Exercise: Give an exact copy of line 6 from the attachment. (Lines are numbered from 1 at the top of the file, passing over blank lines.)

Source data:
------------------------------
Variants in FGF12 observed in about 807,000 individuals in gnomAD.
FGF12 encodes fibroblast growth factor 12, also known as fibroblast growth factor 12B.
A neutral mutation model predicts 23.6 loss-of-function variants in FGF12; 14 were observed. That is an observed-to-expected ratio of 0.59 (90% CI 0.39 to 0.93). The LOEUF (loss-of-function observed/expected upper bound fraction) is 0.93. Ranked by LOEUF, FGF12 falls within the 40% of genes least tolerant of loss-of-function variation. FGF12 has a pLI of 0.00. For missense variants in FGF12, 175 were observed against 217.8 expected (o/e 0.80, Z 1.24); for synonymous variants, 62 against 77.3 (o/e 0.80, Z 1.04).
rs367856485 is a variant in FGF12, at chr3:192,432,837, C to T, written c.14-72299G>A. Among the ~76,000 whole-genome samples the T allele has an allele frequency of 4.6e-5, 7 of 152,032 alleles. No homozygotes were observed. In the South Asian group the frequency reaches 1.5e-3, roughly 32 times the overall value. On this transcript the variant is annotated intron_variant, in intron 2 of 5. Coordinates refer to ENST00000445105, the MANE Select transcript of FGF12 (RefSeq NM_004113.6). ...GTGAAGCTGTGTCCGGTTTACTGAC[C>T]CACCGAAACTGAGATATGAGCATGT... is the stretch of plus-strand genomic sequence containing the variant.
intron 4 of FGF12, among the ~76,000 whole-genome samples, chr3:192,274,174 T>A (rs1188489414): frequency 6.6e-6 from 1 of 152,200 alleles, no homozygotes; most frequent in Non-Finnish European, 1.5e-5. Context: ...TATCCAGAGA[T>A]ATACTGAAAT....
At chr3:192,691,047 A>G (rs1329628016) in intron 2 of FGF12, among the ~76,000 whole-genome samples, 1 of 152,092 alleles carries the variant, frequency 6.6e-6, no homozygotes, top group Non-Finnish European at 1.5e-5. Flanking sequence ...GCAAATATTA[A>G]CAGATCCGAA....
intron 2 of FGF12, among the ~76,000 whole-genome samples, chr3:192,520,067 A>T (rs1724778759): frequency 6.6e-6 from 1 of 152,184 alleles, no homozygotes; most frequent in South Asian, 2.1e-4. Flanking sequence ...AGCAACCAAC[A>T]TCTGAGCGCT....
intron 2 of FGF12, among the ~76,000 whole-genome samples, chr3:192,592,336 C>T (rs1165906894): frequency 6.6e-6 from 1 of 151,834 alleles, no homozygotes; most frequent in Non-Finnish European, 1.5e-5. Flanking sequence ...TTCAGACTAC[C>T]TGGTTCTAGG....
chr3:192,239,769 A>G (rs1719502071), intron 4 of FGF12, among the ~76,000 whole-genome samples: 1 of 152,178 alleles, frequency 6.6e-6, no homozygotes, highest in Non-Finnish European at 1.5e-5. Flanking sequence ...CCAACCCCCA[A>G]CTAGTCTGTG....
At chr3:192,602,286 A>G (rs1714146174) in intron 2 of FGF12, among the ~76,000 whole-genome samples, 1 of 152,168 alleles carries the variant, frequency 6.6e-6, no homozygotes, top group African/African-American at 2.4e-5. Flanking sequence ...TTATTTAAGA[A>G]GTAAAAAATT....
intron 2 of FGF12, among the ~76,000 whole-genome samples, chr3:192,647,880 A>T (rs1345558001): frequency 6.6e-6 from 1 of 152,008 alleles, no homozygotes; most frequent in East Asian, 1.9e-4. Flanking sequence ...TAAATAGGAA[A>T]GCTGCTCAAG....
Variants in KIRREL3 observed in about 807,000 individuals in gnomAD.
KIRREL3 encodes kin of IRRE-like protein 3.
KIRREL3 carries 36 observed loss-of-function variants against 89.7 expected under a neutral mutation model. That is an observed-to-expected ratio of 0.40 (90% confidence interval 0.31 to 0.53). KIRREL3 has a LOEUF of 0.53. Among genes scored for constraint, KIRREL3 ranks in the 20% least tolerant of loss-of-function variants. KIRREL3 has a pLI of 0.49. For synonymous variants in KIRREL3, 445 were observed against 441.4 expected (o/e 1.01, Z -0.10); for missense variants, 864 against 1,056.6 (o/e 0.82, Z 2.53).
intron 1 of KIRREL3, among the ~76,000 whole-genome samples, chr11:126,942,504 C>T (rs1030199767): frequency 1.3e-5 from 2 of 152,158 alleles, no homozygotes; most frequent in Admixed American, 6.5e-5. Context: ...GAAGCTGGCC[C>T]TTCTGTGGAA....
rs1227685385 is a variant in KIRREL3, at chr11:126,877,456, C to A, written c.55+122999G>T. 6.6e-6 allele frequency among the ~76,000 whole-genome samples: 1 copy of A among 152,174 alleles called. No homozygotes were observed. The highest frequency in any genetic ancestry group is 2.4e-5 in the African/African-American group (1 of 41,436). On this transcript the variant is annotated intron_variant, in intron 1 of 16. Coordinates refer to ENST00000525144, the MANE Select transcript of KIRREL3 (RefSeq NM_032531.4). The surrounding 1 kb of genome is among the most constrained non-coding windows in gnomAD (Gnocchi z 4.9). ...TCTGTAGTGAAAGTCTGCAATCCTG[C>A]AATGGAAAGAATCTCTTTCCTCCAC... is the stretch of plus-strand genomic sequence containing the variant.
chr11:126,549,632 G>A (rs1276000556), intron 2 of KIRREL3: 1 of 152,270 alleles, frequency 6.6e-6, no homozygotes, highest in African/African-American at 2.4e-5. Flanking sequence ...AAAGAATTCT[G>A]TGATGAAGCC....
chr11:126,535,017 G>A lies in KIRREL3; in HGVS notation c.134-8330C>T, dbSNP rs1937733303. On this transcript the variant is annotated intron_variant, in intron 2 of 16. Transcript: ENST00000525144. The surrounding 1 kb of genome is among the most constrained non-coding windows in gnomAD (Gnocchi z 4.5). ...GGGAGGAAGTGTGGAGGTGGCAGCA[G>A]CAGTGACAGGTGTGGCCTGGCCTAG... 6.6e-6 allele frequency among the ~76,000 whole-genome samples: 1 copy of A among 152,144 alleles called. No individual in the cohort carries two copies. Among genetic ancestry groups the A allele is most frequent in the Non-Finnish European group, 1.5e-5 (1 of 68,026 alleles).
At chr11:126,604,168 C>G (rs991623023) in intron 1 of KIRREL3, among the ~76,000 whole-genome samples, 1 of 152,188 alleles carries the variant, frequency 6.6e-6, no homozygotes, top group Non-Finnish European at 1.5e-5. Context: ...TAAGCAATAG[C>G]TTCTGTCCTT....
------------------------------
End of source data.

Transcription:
At chr3:192,691,047 A>G (rs1329628016) in intron 2 of FGF12, among the ~76,000 whole-genome samples, 1 of 152,092 alleles carries the variant, frequency 6.6e-6, no homozygotes, top group Non-Finnish European at 1.5e-5. Flanking sequence ...GCAAATATTA[A>G]CAGATCCGAA....